Caution is warranted in drawing too many conclusions from these estimates and comparisons. Certain assumptions might have had the effect of exaggerating the economic benefits, and there are major uncertainties about the health impacts, particularly because of weaknesses in human exposure data. Moreover, the study omits some of the major effects of acid deposition on forests, lakes, and buildings, and the impact of tropospheric ozone on ecosystems is not valued. The figures presented should therefore be viewed as order-of-magnitude estimates. Even with all these qualifications, however, it appears that the economic impacts of air quality on human health are highly significant.
The estimates of the benefits of pollution control just discussed reflect the value of changes in the level of air pollutants resulting from proposed regulations. They are relevant for regulatory or cost-benefit purposes, but they are not the appropriate values for economic accounts. Production accounts should measure the damages associated with remaining levels of pollution, in terms of both production accounts and change in asset values. This difference between abatement and residual damage can be quantitatively large. For example, ozone concentrations fell only 6 percent between 1986 and 1995. As a result, regardless of the benefits of preventing higher levels of ozone than those of 1986, the value of changes in ozone concentrations over this period would be relatively small. In contrast, lead and PM-10 concentrations fell 78 and 22 percent, respectively, over the same period, and consequently the damages from these chemicals would be much smaller in 1995 than in 1986. In other words, whereas comprehensive consumption would have a substantial negative entry due to lead and PM-10 in 1986, the negative values would be of much smaller magnitude in 1995. The result might be a substantial increase in the estimate of growth of comprehensive consumption over this period.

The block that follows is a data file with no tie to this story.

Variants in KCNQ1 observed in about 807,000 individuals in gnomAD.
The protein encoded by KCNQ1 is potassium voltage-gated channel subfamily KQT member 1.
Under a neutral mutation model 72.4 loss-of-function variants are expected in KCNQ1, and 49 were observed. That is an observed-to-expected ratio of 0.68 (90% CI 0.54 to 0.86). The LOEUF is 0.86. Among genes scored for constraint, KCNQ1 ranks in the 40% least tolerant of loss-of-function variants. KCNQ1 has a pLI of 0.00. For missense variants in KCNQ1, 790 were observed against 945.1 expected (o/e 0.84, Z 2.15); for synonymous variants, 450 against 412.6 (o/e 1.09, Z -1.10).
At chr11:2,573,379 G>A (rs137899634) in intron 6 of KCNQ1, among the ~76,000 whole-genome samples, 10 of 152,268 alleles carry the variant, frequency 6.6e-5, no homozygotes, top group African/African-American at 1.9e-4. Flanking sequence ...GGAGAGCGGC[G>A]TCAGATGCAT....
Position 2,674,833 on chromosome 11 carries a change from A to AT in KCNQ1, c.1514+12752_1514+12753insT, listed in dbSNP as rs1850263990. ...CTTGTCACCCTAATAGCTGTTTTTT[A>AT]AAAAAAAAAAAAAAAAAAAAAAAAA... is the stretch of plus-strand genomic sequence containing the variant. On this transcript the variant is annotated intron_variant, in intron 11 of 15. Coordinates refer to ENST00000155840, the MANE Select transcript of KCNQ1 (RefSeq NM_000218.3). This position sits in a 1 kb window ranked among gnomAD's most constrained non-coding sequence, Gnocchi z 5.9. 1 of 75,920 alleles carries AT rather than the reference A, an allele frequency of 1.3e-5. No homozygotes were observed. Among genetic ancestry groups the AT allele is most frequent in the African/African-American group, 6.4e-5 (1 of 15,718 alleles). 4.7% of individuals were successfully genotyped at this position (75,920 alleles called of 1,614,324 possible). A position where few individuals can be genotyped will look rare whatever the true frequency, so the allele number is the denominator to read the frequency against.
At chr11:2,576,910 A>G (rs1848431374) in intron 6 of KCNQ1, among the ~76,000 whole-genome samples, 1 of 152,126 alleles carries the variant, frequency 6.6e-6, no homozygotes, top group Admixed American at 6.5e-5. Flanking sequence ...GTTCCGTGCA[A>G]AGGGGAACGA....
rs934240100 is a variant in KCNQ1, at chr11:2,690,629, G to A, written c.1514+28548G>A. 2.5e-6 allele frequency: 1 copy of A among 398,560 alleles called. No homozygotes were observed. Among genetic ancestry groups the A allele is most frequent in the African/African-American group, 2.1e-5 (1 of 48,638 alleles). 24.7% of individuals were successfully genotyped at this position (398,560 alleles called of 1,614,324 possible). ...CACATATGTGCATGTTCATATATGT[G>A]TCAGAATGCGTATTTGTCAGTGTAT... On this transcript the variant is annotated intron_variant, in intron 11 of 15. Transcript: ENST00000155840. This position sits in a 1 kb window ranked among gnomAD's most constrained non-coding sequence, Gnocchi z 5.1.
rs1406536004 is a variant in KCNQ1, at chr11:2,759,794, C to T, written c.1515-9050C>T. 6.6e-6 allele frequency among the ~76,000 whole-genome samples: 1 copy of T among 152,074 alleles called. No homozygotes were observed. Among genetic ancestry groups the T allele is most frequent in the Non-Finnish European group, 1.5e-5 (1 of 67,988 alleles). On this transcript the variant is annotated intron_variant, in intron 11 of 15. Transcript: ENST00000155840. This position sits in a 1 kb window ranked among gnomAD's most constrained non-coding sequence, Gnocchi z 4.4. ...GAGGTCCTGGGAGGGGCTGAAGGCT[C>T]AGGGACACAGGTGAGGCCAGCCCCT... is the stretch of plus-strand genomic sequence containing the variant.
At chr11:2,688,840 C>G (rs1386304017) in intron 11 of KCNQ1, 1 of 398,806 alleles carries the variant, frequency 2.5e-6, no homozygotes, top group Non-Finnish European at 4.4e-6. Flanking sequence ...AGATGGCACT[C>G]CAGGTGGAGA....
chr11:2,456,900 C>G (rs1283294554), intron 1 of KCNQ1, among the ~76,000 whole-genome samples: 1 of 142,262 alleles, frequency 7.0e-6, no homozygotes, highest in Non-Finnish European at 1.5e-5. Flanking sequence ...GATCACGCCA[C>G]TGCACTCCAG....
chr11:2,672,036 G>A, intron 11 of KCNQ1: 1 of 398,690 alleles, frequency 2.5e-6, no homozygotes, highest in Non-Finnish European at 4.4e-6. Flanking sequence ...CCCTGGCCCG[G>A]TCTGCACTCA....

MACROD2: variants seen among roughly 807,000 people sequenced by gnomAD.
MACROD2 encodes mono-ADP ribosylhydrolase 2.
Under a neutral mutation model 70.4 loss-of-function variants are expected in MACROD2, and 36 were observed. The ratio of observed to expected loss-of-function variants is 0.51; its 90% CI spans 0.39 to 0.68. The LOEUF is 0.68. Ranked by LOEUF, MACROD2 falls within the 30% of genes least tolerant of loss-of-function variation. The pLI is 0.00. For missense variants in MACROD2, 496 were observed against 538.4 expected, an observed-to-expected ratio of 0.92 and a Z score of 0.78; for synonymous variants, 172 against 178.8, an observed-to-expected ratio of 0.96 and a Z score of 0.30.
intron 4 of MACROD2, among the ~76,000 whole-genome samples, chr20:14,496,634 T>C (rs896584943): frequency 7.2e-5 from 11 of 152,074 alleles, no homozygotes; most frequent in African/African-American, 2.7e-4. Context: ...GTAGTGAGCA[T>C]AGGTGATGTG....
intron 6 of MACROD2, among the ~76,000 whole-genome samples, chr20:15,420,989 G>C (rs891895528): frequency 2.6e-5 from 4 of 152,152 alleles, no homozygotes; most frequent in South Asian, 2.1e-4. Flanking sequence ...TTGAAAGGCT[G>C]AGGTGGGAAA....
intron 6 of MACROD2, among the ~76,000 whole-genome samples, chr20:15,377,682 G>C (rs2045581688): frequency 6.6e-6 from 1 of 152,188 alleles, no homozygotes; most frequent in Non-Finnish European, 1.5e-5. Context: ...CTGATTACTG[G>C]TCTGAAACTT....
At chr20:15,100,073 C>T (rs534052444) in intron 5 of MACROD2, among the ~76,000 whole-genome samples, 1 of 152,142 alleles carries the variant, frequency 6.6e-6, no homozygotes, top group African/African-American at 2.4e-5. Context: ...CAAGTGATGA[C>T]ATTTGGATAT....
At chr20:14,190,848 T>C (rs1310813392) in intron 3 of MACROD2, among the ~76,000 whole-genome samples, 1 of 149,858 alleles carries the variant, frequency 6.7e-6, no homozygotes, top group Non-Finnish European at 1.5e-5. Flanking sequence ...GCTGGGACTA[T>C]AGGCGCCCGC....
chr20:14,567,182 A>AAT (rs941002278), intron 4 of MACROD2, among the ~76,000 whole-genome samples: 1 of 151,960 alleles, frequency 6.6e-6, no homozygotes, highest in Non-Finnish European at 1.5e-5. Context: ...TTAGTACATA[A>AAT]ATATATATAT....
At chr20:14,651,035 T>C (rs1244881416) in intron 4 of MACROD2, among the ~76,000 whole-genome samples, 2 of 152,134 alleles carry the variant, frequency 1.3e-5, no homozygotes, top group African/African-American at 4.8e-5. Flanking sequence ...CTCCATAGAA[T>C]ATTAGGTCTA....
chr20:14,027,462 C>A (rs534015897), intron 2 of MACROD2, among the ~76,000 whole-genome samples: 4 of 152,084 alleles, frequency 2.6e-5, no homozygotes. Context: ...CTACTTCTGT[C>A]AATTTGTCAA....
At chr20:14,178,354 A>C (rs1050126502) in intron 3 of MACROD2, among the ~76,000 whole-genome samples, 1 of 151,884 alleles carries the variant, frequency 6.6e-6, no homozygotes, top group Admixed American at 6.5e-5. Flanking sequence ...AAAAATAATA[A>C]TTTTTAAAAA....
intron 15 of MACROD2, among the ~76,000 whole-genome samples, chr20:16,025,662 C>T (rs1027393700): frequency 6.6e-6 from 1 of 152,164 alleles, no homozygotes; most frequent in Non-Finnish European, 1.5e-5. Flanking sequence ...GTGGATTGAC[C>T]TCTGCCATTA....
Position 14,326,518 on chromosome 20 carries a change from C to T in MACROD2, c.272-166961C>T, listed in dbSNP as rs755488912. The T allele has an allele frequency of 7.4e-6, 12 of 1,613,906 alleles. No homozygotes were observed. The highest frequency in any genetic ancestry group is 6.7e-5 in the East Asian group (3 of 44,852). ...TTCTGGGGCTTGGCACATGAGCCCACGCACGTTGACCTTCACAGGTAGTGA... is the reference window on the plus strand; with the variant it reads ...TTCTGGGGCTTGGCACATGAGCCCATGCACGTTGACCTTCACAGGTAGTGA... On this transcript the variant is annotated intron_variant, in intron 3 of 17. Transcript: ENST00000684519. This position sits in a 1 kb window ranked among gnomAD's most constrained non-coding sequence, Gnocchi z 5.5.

As discussed earlier, air pollution affects production activities, assets, and nonmarket activities. Most of the estimates from the EPA study refer to the production accounts: days of work lost, shortness of breath and acute bronchitis, loss of visibility, and crop losses are effects on production activities. Crop losses and the output losses from lost work-day are already included implicitly in the accounts because these relate to market activities. Supplemental accounts that would identify these losses separately would serve to connect them specifically to air pollution. The estimates for shortness of breath and acute bronchitis include both damages that may already be reflected in the production accounts (i.e., re-